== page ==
* “That the present Welsh language is the genuine daughter of the ancient British, spoken in the time of the Romans, cannot be disputed; because we have now extant MSS. writ in every age from the Roman times down to the present, which plainly prove the descent, and are not unintelligible to the present inhabitants of Wales.”—Mallett's Northern Antiq. vol. i. Preface, p. 3.
“The Celtic dialects are now principally six; namely, Welsh, or the insular British; Cornish, almost extinct; Armorican, or French British; Irish, the least corrupted ; Mana, or the language of the Isle of Man;
and Erse, or Highland Irish, spoken also in all the western islands of
Scotland.”—Toland's History of the Druids, p. 46.
Armorica, or Bas Bretagne,) and were also sprung from the primordial race of the Cymry. These were denominated the three peaceable tribes, inasmuch as they came by mutual consent and permission; and the three were of one language and of one speech.” “ These three, called benevolent tribes, were the first inhabitants of this country. The venerable Bede, says the Rev. P. Roberts, appears to have been ignorant of the first colony, but mentions the second and third as the original ones, and places them agreeably to the Triads. “It is said, that the Britons having sailed from Armorica, took possession of the southern part of the island, and proceeding from the south, embarked on the ocean in a few long vessels, and sailed to Ireland. Being refused a settlement there, they made for Britain, and began to settle in the northern parts, as the Britons had pre-occupied the southern.”” The Rev. P. Roberts, in his Early History of the Britons, says, “The distinction between the Loegrians and the Brython is remarkable; the latter were of a common descent with the Cymry, and evidently descendants of those who went to Armorica, when Hu and his followers came to Britain. The Loegrians were not of the same immediate descent, though originally of the same stock. The latter were Gauls of the Loire, whose territory from thence to the Pyrenees, appears to have been denominated Gwasgwyn, that is Gascony, by the Welsh writers. In what part of the island these Brython were stationed, does not exactly appear; but the Gauls, according to the Triads, were settled partly in Cornwall, and partly to the north of the Humber.” “ He also gives a character of the chieftain of the Cymry, in these words: “HU THE MIGHTY appears to have been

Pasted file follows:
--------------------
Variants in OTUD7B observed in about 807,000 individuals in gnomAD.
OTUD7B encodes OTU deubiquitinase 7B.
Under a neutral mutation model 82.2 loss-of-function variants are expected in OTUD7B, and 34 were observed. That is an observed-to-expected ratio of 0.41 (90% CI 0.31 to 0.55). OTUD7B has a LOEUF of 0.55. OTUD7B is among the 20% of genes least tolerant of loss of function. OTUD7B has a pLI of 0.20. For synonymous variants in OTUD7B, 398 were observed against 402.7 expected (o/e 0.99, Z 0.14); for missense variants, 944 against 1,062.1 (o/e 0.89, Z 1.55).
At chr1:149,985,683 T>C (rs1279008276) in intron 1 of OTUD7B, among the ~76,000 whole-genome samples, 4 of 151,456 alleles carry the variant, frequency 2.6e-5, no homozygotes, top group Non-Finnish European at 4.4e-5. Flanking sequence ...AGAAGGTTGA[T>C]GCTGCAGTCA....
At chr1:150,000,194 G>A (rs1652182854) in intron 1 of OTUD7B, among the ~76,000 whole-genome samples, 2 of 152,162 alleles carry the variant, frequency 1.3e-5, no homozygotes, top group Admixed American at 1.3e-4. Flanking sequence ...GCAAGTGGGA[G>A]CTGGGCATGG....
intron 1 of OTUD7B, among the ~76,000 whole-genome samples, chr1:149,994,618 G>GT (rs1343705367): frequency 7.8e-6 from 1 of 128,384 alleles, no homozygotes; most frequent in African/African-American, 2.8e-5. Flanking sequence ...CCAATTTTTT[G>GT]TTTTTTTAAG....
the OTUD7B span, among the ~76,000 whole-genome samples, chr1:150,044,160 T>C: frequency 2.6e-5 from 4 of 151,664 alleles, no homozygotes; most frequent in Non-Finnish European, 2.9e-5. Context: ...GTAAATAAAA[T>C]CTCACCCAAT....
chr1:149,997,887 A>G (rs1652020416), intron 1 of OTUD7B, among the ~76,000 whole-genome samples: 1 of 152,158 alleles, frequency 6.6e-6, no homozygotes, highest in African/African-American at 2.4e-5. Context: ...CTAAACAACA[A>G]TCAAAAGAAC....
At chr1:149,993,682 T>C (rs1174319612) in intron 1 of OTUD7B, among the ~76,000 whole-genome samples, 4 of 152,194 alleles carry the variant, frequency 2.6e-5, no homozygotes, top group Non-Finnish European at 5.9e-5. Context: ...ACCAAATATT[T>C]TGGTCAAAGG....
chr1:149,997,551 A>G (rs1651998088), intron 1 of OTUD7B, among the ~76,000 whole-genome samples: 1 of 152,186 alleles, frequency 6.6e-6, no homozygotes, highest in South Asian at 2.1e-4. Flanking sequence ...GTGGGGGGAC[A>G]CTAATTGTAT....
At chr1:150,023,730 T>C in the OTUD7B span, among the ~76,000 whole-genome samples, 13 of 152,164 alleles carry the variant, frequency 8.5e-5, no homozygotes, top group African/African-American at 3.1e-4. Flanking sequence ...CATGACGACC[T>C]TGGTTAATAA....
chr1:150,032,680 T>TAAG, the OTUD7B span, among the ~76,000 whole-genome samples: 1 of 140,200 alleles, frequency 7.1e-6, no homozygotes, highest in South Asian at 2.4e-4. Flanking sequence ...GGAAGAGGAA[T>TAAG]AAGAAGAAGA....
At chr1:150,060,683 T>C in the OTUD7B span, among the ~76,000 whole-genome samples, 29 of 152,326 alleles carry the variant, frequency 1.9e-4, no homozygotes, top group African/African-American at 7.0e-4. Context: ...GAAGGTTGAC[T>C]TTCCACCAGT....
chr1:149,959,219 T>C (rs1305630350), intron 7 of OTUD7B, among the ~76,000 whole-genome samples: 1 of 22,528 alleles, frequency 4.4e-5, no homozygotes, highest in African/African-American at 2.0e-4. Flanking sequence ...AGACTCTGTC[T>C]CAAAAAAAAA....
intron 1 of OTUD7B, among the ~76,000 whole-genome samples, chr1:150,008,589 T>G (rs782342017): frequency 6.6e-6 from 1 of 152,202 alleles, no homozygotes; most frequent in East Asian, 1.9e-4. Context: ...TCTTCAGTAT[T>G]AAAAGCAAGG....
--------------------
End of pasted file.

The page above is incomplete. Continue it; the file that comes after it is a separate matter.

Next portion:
* Hughes's Horae Britannicae, vol. i. p. 12–14. b Hist. Eccl. p. 23. Ed. Cant. 1644. & P. 52.